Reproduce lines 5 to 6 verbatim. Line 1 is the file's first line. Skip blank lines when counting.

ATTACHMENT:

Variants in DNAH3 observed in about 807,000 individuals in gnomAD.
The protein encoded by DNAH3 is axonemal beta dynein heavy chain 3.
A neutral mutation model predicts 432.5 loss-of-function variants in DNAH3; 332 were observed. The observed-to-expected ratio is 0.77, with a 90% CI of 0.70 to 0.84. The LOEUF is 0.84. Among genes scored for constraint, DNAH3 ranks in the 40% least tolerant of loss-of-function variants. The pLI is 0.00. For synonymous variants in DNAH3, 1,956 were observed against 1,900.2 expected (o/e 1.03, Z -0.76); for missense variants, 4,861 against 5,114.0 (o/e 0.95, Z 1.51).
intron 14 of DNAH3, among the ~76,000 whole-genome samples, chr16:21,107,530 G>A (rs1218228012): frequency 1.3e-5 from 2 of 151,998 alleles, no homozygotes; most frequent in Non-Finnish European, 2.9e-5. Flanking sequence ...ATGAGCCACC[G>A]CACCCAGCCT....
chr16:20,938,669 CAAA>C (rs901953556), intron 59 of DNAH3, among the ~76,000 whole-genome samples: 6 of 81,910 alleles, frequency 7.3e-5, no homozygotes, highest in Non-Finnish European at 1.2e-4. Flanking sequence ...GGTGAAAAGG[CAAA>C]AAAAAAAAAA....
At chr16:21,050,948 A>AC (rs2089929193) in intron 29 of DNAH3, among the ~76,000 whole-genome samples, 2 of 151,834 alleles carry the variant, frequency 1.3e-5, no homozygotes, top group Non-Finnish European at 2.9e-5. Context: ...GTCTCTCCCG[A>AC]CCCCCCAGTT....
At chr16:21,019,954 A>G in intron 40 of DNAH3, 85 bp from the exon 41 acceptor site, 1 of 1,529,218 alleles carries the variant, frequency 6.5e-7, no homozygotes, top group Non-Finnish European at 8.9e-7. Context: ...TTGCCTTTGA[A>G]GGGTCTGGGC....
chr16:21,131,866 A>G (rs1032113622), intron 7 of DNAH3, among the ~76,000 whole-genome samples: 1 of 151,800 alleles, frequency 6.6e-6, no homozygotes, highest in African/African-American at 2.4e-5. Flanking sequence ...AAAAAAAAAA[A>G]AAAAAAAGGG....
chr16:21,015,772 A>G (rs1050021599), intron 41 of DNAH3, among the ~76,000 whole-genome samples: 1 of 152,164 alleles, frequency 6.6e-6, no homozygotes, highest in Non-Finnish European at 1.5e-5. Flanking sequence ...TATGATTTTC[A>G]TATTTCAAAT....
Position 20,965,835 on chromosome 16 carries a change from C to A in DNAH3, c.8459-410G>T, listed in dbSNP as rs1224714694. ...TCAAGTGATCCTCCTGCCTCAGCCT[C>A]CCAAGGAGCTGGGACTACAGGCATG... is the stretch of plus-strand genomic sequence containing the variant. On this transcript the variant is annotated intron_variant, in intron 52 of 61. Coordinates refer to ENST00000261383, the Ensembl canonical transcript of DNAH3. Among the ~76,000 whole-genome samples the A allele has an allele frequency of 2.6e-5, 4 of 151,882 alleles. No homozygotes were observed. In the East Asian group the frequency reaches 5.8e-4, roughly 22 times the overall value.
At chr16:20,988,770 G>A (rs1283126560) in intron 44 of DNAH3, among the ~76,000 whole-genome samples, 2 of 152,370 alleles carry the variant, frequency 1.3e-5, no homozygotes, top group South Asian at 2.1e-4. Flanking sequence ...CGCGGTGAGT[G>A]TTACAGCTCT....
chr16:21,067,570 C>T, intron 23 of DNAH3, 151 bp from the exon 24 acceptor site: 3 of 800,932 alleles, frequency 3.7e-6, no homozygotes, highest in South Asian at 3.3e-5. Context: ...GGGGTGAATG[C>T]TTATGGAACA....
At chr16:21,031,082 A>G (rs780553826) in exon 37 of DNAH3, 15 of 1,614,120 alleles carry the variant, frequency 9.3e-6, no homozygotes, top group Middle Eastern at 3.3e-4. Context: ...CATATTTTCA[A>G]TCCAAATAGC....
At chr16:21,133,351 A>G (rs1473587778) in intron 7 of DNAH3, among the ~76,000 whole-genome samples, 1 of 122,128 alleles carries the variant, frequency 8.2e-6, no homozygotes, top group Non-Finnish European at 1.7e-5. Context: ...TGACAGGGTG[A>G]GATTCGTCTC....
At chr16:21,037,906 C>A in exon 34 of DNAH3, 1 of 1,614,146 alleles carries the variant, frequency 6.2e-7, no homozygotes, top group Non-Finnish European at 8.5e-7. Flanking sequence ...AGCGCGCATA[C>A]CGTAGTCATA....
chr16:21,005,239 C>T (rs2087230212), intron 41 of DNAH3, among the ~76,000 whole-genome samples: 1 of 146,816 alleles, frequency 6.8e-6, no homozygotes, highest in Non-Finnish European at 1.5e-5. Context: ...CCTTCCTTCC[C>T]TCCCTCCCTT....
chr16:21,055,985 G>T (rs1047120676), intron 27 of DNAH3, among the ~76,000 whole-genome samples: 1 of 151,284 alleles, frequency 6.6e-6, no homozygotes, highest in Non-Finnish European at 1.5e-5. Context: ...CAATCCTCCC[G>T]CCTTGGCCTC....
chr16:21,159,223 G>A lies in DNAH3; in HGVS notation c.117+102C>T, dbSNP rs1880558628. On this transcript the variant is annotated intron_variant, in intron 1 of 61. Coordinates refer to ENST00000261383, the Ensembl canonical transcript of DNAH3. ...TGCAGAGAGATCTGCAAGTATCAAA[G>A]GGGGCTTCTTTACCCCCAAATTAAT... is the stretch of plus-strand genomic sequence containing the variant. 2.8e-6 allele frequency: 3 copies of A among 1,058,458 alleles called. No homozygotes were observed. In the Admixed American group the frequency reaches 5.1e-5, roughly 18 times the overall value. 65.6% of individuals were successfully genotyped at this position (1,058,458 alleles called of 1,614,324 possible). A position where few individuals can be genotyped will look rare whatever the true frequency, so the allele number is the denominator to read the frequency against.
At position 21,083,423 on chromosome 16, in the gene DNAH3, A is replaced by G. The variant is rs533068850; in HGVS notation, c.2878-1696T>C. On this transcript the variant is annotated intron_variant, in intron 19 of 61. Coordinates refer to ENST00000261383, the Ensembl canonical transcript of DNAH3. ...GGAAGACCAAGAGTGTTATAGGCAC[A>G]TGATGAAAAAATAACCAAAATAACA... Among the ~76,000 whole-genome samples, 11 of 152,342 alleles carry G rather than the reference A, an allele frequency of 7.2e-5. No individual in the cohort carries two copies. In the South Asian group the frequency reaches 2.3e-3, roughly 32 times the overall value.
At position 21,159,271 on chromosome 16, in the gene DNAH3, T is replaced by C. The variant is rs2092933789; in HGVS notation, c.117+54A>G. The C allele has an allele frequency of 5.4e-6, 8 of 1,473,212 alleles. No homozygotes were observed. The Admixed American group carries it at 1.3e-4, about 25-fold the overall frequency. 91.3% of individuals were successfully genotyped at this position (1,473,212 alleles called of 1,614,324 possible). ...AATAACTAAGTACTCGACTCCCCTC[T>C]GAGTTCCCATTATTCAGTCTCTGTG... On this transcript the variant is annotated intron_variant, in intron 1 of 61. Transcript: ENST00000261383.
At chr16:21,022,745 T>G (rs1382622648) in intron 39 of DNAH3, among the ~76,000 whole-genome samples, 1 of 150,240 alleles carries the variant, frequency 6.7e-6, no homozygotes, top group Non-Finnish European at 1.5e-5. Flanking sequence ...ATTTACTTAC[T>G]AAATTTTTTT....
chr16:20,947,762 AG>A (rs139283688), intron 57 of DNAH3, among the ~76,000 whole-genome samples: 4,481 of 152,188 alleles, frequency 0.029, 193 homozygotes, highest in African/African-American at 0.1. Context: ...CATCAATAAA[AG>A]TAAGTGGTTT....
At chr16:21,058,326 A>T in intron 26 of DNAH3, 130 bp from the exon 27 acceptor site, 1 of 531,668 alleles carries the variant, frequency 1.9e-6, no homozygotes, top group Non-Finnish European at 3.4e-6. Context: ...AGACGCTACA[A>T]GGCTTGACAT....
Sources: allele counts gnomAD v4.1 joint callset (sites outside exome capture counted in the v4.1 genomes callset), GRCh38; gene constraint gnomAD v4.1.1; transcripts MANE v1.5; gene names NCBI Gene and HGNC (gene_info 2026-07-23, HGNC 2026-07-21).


chr16:20,938,669 CAAA>C (rs901953556), intron 59 of DNAH3, among the ~76,000 whole-genome samples: 6 of 81,910 alleles, frequency 7.3e-5, no homozygotes, highest in Non-Finnish European at 1.2e-4. Flanking sequence ...GGTGAAAAGG[CAAA>C]AAAAAAAAAA....
At chr16:21,050,948 A>AC (rs2089929193) in intron 29 of DNAH3, among the ~76,000 whole-genome samples, 2 of 151,834 alleles carry the variant, frequency 1.3e-5, no homozygotes, top group Non-Finnish European at 2.9e-5. Context: ...GTCTCTCCCG[A>AC]CCCCCCAGTT....